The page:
As the WCT descends on Keramas we chat with a local surfer about the changing face of Bali.
Putu has grown up in Legian and spent pretty much his whole life living in the area, surfing the beachies and watching the amazing transformation of the area and the island around him. He is approaching 40 and is starting to show some of the trimmings of middle age around his mid-rift. He is Balinese, is in a five-year-long relationship with his girl and looks like he’s getting ready to start a family soon.
As he and his grommet mates got a bit older they worked at the Quiksilver Surf School, which they got together after local pro surfer and entrepreneur, Tipi Jabrik, gave them a bunch of big boards to run the lessons with. On my Bali trips over the years I developed a friendship with all the boys who were all really cool guys – great surfers and great people. Putu stood out as a bit of a leader among them, and was also one of the best surfers. When I asked him about the changes he’d seen since growing up around Legian as a kid he swiftly replies, “Too many dude, too much … “When I grew up there was no one surfing. The water and beaches were clean. My father worked in a hotel and after school I would sell postcards and mosquito oil. I’d make 10 000 Rupiah and the next day at school I’d be like the king”.
“My first board was a seven footer and I shared it with another guy. He would get five waves; come in, and then it’s my turn to get five. We used candle wax and the leash was a sock with some string! Proper wax was like gold. I learnt English talking at the beach and in the water and when I went to school my teachers couldn’t believe how good I could speak English.”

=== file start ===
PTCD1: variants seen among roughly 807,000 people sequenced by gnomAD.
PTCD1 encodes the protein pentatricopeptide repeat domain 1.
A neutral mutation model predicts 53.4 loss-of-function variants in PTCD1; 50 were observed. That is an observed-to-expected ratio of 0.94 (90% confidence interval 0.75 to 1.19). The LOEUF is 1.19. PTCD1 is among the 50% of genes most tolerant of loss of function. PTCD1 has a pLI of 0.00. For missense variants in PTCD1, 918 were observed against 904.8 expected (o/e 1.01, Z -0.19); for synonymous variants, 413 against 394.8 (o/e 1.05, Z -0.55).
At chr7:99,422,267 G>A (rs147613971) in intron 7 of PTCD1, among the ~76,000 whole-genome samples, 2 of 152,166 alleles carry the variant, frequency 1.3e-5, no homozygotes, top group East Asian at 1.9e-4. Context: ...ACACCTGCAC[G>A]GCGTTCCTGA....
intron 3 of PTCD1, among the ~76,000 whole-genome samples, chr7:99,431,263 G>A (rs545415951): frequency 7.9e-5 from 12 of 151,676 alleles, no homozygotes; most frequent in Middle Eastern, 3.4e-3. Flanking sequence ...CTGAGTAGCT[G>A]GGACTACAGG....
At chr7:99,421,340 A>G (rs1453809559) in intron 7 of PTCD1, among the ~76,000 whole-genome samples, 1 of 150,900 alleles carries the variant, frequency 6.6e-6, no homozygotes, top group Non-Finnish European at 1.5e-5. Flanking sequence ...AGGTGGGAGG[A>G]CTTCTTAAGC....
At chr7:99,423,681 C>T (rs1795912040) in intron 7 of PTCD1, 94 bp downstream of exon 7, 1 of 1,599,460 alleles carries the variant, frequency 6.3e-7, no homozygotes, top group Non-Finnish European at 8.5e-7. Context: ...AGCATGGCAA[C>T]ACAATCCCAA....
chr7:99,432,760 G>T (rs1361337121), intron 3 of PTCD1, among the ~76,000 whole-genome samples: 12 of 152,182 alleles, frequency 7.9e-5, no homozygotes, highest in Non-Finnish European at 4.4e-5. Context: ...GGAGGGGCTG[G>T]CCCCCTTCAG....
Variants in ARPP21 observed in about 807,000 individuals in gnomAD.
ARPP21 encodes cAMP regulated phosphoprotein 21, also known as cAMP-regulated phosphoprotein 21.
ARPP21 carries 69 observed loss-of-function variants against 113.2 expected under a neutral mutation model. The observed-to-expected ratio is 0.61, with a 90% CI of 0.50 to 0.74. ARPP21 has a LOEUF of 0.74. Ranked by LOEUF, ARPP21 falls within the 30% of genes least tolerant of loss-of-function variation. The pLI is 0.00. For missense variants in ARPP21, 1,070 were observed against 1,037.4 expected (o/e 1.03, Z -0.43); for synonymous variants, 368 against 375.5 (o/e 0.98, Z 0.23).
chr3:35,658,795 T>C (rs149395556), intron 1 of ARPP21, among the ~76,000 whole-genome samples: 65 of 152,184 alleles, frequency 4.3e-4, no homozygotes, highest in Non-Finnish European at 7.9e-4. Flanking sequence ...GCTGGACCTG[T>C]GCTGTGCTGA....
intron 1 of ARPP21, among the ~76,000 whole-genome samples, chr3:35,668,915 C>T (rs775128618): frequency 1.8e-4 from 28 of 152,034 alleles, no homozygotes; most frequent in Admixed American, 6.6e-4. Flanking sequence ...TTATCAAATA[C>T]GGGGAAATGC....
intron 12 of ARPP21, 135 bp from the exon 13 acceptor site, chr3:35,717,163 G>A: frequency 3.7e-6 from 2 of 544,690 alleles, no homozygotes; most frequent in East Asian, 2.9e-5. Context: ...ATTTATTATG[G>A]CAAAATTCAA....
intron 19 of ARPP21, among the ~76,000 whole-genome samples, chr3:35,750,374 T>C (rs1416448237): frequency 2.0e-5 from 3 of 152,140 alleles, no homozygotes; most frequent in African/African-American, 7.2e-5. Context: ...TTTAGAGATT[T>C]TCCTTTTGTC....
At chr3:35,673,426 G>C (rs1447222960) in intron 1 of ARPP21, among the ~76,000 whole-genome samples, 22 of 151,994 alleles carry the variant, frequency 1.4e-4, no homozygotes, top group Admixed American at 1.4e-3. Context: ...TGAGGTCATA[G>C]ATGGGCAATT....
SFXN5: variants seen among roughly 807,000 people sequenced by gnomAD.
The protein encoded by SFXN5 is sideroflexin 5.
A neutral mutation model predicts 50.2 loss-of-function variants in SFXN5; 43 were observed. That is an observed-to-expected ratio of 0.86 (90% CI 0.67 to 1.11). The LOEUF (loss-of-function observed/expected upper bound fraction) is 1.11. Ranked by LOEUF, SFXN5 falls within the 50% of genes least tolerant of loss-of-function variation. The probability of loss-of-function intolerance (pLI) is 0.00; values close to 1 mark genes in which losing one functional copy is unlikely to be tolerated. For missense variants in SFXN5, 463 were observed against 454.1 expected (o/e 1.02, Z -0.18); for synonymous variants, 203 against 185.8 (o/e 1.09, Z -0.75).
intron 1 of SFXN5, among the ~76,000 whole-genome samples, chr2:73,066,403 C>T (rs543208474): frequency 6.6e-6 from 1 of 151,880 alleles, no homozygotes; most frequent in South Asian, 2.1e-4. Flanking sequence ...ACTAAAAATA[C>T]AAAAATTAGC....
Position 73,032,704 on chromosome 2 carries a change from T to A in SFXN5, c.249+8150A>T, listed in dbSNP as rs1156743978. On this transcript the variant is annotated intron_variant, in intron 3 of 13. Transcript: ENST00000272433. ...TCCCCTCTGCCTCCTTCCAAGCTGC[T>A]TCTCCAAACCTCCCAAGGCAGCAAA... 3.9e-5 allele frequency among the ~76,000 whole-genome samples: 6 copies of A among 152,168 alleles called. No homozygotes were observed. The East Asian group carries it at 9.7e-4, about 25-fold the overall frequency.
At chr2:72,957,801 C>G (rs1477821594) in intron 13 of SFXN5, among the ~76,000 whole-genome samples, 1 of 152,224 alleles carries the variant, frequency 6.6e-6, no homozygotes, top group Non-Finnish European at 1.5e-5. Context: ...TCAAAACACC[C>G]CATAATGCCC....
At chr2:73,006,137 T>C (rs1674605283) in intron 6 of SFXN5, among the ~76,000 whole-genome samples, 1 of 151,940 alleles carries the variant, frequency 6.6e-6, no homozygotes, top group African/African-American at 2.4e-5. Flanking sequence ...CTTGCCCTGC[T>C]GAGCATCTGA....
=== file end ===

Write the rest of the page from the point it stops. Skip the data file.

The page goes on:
When I ask him to identify the main changes around the area he gets a little nostalgic and also paints and idyllic picture of the surfing past.
“Now when I surf all the boys aren’t out there”… “There were no on-shores before.”
I suggest these comments about the winds seem to be embellished by the passage of time, but he insists, “No dude, really.”
Putu now works at Channel Islands, a fairly sophisticated surf shop in Seminyak. Channel Islands have another store opening at Uluwatu soon. When I ask him if he believes any of the changes have been positive he says, “There are lots of opportunities for work now, so you can make some money” … “But then things are so expensive around here now,” he laments.
When I ask him what he thinks the biggest problem is, he doesn’t have to think about it.
“Money, with money comes headache. People always want more.”